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FIFA to proceed with biannual World Cup plan despite opposition

Matt O'Connor-Simpson
FIFA's plans have been widely criticised
FIFA's plans have been widely criticised / Stuart Franklin/GettyImages

FIFA have informed national federations that they intend to go ahead with holding the World Cup every two years, despite widespread opposition to the idea.

The plans, which have been publically fronted by Arsene Wenger, also include a shortening of the qualification process as well as a reduction in the amount of international breaks held during the club season.

As reported by El Larguero, FIFA outlined their intention to increase the frequency of the tournament during a meeting with various national teams on Tuesday.

In their presentation they argued that the reforms would actually decrease player fatigue, using a number of examples from recent years to illustrate their point.

For instance, by FIFA's calculations Lionel Messi traveled a total of 324,569km for footballing reasons between 2014 and 2018. If he was playing under their new conditions between 2026 and 2030, he would have only clocked up 157,348km.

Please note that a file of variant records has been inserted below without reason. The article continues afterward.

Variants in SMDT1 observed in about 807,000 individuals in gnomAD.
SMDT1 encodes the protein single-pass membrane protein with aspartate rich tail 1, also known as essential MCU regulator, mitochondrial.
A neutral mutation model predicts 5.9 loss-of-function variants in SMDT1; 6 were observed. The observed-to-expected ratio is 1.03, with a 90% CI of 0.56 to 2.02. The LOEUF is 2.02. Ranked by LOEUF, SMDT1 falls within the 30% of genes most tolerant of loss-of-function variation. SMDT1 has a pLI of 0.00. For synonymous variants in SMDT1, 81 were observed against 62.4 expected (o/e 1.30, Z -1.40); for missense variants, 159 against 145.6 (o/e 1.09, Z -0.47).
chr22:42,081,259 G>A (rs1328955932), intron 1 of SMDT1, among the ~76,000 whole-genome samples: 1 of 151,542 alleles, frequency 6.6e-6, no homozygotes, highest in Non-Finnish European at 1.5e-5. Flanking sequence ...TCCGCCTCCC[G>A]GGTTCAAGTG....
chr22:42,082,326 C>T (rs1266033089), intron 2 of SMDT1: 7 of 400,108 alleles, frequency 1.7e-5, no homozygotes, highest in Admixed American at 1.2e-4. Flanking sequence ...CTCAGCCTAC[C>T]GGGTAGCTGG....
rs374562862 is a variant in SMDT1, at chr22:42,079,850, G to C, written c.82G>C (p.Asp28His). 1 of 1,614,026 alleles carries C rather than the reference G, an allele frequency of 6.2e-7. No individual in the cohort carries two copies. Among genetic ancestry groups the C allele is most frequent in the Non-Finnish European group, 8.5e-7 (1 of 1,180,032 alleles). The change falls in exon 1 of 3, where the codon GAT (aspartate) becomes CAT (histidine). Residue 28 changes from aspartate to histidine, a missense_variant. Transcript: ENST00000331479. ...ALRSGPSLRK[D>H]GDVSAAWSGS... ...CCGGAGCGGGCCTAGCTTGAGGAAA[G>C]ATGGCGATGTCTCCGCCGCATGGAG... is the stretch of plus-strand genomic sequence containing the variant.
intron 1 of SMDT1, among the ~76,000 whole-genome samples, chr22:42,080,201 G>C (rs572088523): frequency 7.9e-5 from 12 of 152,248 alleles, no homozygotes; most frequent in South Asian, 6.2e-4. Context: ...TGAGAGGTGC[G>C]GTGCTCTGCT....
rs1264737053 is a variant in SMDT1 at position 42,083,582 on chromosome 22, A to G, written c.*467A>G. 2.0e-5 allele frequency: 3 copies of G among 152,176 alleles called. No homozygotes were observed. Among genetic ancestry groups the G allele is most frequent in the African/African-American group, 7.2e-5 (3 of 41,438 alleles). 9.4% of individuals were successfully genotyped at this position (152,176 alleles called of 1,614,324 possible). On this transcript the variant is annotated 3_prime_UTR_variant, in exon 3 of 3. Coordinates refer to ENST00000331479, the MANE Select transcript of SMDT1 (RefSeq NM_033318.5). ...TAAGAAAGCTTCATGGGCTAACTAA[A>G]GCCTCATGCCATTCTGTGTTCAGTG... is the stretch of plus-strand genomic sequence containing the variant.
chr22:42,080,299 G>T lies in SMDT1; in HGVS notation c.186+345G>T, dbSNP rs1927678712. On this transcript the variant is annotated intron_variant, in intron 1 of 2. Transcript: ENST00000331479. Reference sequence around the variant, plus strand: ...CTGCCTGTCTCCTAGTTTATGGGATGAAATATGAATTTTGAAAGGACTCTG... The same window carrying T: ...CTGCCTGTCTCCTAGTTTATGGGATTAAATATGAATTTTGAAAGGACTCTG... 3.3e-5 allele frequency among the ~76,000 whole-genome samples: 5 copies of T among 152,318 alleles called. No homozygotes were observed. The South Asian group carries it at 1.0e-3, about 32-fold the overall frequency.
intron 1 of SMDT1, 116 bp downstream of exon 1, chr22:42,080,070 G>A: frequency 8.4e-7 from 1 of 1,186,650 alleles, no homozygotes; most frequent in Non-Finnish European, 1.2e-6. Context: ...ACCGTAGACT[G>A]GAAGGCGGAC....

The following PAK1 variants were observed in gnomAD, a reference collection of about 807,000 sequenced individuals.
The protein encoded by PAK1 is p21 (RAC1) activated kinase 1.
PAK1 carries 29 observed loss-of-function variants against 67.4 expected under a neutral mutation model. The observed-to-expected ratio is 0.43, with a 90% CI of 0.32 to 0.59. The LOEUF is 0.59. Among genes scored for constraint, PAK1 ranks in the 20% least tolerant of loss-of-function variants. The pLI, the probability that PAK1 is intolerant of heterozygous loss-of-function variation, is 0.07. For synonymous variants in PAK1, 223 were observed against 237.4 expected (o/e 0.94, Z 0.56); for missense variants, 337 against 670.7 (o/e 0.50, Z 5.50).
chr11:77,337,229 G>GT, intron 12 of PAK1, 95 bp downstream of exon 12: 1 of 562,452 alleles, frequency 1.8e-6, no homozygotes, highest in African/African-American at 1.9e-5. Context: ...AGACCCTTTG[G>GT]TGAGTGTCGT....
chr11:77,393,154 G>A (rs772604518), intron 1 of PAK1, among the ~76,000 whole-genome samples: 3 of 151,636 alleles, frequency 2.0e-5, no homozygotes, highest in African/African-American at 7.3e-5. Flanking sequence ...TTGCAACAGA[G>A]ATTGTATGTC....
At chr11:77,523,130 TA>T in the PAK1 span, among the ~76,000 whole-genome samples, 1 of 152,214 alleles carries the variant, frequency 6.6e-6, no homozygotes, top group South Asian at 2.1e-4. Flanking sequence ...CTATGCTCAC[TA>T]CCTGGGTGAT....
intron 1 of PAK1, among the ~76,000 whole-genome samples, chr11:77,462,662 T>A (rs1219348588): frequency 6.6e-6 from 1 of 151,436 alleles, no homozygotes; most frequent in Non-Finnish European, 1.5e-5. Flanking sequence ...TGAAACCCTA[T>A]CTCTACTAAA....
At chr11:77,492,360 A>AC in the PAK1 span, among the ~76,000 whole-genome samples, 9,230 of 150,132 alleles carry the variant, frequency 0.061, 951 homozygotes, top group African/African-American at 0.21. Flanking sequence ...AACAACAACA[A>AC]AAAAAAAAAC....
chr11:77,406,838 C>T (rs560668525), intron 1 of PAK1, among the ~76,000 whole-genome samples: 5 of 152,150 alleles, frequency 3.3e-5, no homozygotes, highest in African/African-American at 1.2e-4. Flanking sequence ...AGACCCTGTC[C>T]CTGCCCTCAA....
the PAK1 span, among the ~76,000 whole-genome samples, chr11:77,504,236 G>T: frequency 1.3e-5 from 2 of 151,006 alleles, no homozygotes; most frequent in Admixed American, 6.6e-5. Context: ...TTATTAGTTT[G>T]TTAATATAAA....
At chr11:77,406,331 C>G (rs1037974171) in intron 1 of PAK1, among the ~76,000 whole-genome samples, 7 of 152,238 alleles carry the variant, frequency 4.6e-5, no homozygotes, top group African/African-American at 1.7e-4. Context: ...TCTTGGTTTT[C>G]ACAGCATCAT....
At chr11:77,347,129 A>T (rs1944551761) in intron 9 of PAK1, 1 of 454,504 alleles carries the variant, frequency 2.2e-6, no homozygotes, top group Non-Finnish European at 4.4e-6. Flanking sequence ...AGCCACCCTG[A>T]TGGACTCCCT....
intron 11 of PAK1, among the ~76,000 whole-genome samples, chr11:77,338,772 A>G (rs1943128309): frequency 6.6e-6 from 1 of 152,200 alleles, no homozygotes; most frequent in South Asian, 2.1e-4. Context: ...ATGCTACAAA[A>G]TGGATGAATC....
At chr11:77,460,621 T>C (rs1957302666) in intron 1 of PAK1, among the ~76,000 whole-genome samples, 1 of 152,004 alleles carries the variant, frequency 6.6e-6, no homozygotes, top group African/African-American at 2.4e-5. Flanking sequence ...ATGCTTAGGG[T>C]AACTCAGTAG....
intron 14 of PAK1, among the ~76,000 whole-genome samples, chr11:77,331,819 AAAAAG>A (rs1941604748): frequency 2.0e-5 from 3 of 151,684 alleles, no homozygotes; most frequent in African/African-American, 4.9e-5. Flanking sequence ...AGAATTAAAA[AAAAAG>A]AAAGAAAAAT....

As well as supposedly decreasing travel time, FIFA also foresee the number of international games decreasing overall. Currently, UEFA nations play 44 matches each four-year cycle. FIFA plan to decrease this by one under the new plans, while South American teams will experience a more dramatic easing of fixture commitments.

Another key proposal is the condensing of games into a maximum of two international breaks, proposed to take place in October and March.

Alternatively, the former could be designated as qualification month, with a maximum of seven qualifiers to be played over a 28-day period.

FIFA's proposals are far from universally backed, even if the confederation do seem set to proceed with the changes. UEFA have voiced opposition to the idea and a string of high-profile footballing figures, including Jurgen Klopp, have also been critical.